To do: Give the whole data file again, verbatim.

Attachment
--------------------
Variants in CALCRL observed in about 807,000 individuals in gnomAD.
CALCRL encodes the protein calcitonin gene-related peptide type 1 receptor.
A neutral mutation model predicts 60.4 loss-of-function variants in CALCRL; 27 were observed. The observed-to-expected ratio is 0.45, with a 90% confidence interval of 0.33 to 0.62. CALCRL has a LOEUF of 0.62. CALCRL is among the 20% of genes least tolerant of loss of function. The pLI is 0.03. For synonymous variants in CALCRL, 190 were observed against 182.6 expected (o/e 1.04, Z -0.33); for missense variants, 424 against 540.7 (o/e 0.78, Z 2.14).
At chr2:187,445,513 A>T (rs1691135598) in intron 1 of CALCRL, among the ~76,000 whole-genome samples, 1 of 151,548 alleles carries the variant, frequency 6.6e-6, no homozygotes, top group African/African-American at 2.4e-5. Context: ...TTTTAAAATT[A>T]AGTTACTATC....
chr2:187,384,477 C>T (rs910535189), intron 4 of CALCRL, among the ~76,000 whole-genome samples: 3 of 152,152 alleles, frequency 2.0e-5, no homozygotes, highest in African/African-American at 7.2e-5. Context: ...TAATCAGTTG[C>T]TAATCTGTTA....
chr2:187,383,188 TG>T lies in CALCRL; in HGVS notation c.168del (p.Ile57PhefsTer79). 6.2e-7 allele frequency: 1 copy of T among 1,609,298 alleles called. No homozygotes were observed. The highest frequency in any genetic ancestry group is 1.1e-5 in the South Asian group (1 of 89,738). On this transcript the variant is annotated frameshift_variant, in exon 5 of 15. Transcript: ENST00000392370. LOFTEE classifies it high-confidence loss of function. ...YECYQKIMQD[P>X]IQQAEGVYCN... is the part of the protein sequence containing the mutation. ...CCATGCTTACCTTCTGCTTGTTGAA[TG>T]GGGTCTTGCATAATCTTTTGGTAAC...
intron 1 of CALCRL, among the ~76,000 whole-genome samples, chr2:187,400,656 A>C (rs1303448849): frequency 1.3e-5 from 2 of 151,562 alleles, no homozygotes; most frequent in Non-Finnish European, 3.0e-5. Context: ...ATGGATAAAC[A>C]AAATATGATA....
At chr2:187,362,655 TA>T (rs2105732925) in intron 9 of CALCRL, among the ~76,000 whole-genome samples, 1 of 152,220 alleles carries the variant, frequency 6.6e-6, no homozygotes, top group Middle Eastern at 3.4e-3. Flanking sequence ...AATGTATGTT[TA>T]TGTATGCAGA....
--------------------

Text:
Variants in CALCRL observed in about 807,000 individuals in gnomAD.
CALCRL encodes the protein calcitonin gene-related peptide type 1 receptor.
A neutral mutation model predicts 60.4 loss-of-function variants in CALCRL; 27 were observed. The observed-to-expected ratio is 0.45, with a 90% confidence interval of 0.33 to 0.62. CALCRL has a LOEUF of 0.62. CALCRL is among the 20% of genes least tolerant of loss of function. The pLI is 0.03. For synonymous variants in CALCRL, 190 were observed against 182.6 expected (o/e 1.04, Z -0.33); for missense variants, 424 against 540.7 (o/e 0.78, Z 2.14).
At chr2:187,445,513 A>T (rs1691135598) in intron 1 of CALCRL, among the ~76,000 whole-genome samples, 1 of 151,548 alleles carries the variant, frequency 6.6e-6, no homozygotes, top group African/African-American at 2.4e-5. Context: ...TTTTAAAATT[A>T]AGTTACTATC....
chr2:187,384,477 C>T (rs910535189), intron 4 of CALCRL, among the ~76,000 whole-genome samples: 3 of 152,152 alleles, frequency 2.0e-5, no homozygotes, highest in African/African-American at 7.2e-5. Context: ...TAATCAGTTG[C>T]TAATCTGTTA....
chr2:187,383,188 TG>T lies in CALCRL; in HGVS notation c.168del (p.Ile57PhefsTer79). 6.2e-7 allele frequency: 1 copy of T among 1,609,298 alleles called. No homozygotes were observed. The highest frequency in any genetic ancestry group is 1.1e-5 in the South Asian group (1 of 89,738). On this transcript the variant is annotated frameshift_variant, in exon 5 of 15. Transcript: ENST00000392370. LOFTEE classifies it high-confidence loss of function. ...YECYQKIMQD[P>X]IQQAEGVYCN... is the part of the protein sequence containing the mutation. ...CCATGCTTACCTTCTGCTTGTTGAA[TG>T]GGGTCTTGCATAATCTTTTGGTAAC...
intron 1 of CALCRL, among the ~76,000 whole-genome samples, chr2:187,400,656 A>C (rs1303448849): frequency 1.3e-5 from 2 of 151,562 alleles, no homozygotes; most frequent in Non-Finnish European, 3.0e-5. Context: ...ATGGATAAAC[A>C]AAATATGATA....
At chr2:187,362,655 TA>T (rs2105732925) in intron 9 of CALCRL, among the ~76,000 whole-genome samples, 1 of 152,220 alleles carries the variant, frequency 6.6e-6, no homozygotes, top group Middle Eastern at 3.4e-3. Flanking sequence ...AATGTATGTT[TA>T]TGTATGCAGA....